Occasional stress can be helpful, giving you motivation in today’s fast-paced world. But, long periods of stress can cause serious health problems. Here’s more.
From work to family to money concerns, stress is a natural consequence of life in today’s fast-paced world. The good news is that you can use short bursts of it to prepare for an important presentation, meet a tight deadline or escape physical danger. Too much, though, is just plain bad for your health.
Health Consequences of Stress
Stress affects every part of your body. It tenses your muscles, quickens your heart rate and breathing speed, and raises your blood pressure to deal with the perceived threat. These physical effects are usually innocuous in short bursts, but can cause a variety of health problems in the chronically stressed.
Mental consequences of stress include:
- Anger and irritability
- Loss of focus or motivation
Physical consequences of stress include:
- Muscle pain and tension
- Heartburn and acid reflux
- Low sex drive
- Erectile dysfunction
- High blood sugar
- High blood pressure
- Weakened immune system
- Increased risk of obesity, cardiovascular disease and type 2 diabetes
Stress and Weight Gain
Do you ever reach for comfort foods, such as a batch of cookies or a bag of cookies, when you’re stressed? Do you tend to use more substances like caffeine or alcohol? These choices may be increasing your stress levels even more.
Typical comfort foods like fried chicken, pizza, macaroni and cheese, chocolate and pastries tend to be high in fat and/or sugar. Eating these foods may feel good in the moment, but they leave you tired and sluggish in the long run, less able to deal with the source of the stress. Alcohol similarly impairs your ability to deal with stress.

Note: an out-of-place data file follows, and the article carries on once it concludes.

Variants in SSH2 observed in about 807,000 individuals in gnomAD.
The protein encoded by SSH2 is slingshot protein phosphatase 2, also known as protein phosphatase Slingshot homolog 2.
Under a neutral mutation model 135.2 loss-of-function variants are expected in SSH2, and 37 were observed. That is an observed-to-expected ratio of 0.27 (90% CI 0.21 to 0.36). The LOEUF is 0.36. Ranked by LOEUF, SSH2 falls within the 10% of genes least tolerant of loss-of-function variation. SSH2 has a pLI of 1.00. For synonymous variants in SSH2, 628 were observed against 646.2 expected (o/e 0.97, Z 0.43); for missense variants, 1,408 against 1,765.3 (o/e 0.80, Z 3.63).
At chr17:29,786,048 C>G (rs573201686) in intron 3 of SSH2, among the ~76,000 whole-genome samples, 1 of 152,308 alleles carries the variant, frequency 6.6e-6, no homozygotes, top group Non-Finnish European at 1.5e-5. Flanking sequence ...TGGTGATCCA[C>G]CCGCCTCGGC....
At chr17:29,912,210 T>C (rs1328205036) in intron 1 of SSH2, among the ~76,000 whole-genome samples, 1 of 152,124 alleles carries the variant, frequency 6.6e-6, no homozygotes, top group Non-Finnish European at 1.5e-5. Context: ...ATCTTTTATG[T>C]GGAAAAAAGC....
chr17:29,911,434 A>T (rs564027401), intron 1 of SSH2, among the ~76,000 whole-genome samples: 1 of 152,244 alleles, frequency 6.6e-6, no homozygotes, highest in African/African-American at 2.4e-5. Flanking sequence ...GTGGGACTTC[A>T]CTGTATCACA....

That vanilla latte you grab to keep going through the stressful situation may not be a good idea, either. Sugar and caffeine trigger stress hormones that can make a bad situation worse.
How to Combat Stress
One simple way to reduce stress is to improve your diet. Instead of fatty, sugary comfort foods, choose healthier options. Foods high in complex carbohydrates such as rice, pasta and sweet potatoes cause your brain to release serotonin, a relaxing hormone, without making you sluggish. Foods high in good fat, such as salmon and tuna, can help regulate your stress hormones and stress surges. Balancing your diet with healthy fats, protein, and plenty of fruits and veggies is a great start to reducing your stress level.
Exercise is also a crucial aspect of natural stress relief. You may feel too busy to stay active, but exercise releases powerful endorphins that improve your mood. Regular exercise has been shown to reduce symptoms of depression and anxiety and improve your sleep. Aim to get at least 150 minutes per week of moderate exercise, such as brisk walking or swimming, or 75 minutes per week of vigorous exercise, such as running.
Set aside time to actively relax. Scrolling through Facebook or watching TV may feel like an easy way to unwind, but they do nothing for your overall wellness. Set aside time to focus on a relaxing activity, even if it’s just 15 minutes a day. Try meditation, deep breathing, or a relaxing hobby such as knitting or reading. You can also make exercise a form of active relaxation with yoga, a long walk or a hike through nature.
For surges of stress, deep breathing can be the perfect calming tool. When stressed, we tend to take short, shallow breaths or hold our breath for longer than necessary. If you feel particularly stressed out, try taking five deep, full breaths.